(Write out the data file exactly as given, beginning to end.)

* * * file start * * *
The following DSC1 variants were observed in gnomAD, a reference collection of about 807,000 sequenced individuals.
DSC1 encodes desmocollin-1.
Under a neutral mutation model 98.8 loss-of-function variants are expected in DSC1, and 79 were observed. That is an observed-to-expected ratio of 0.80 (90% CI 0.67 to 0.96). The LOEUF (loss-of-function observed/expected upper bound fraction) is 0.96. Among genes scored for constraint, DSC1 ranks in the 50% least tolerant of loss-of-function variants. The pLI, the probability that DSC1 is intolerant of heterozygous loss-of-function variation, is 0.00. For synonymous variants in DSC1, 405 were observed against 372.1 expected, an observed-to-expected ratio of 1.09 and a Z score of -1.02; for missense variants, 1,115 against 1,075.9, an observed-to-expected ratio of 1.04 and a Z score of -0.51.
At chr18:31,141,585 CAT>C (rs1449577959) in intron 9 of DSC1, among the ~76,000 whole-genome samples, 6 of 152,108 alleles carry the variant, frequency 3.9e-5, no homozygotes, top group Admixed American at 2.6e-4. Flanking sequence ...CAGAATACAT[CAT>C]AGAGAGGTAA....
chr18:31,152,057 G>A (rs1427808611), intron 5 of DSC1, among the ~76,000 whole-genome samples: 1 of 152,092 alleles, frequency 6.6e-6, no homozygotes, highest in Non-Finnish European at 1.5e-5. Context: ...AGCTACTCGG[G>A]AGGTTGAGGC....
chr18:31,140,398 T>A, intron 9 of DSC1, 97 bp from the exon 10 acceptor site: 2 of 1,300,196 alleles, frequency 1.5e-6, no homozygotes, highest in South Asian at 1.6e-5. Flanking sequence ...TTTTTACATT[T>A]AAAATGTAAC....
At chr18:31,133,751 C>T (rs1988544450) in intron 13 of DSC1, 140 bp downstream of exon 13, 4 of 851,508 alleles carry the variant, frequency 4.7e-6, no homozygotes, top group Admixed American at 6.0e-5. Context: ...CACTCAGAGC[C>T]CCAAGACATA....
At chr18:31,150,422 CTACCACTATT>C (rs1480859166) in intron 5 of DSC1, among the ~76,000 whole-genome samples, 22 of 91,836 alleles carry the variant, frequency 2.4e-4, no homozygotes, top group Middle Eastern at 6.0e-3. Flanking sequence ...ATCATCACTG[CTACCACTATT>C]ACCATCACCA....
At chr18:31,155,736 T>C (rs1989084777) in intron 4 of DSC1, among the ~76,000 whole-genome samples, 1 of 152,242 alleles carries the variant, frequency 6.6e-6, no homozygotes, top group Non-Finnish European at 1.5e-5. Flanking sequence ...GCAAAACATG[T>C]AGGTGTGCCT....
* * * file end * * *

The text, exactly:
The following DSC1 variants were observed in gnomAD, a reference collection of about 807,000 sequenced individuals.
DSC1 encodes desmocollin-1.
Under a neutral mutation model 98.8 loss-of-function variants are expected in DSC1, and 79 were observed. That is an observed-to-expected ratio of 0.80 (90% CI 0.67 to 0.96). The LOEUF (loss-of-function observed/expected upper bound fraction) is 0.96. Among genes scored for constraint, DSC1 ranks in the 50% least tolerant of loss-of-function variants. The pLI, the probability that DSC1 is intolerant of heterozygous loss-of-function variation, is 0.00. For synonymous variants in DSC1, 405 were observed against 372.1 expected, an observed-to-expected ratio of 1.09 and a Z score of -1.02; for missense variants, 1,115 against 1,075.9, an observed-to-expected ratio of 1.04 and a Z score of -0.51.
At chr18:31,141,585 CAT>C (rs1449577959) in intron 9 of DSC1, among the ~76,000 whole-genome samples, 6 of 152,108 alleles carry the variant, frequency 3.9e-5, no homozygotes, top group Admixed American at 2.6e-4. Flanking sequence ...CAGAATACAT[CAT>C]AGAGAGGTAA....
chr18:31,152,057 G>A (rs1427808611), intron 5 of DSC1, among the ~76,000 whole-genome samples: 1 of 152,092 alleles, frequency 6.6e-6, no homozygotes, highest in Non-Finnish European at 1.5e-5. Context: ...AGCTACTCGG[G>A]AGGTTGAGGC....
chr18:31,140,398 T>A, intron 9 of DSC1, 97 bp from the exon 10 acceptor site: 2 of 1,300,196 alleles, frequency 1.5e-6, no homozygotes, highest in South Asian at 1.6e-5. Flanking sequence ...TTTTTACATT[T>A]AAAATGTAAC....
At chr18:31,133,751 C>T (rs1988544450) in intron 13 of DSC1, 140 bp downstream of exon 13, 4 of 851,508 alleles carry the variant, frequency 4.7e-6, no homozygotes, top group Admixed American at 6.0e-5. Context: ...CACTCAGAGC[C>T]CCAAGACATA....
At chr18:31,150,422 CTACCACTATT>C (rs1480859166) in intron 5 of DSC1, among the ~76,000 whole-genome samples, 22 of 91,836 alleles carry the variant, frequency 2.4e-4, no homozygotes, top group Middle Eastern at 6.0e-3. Flanking sequence ...ATCATCACTG[CTACCACTATT>C]ACCATCACCA....
At chr18:31,155,736 T>C (rs1989084777) in intron 4 of DSC1, among the ~76,000 whole-genome samples, 1 of 152,242 alleles carries the variant, frequency 6.6e-6, no homozygotes, top group Non-Finnish European at 1.5e-5. Flanking sequence ...GCAAAACATG[T>C]AGGTGTGCCT....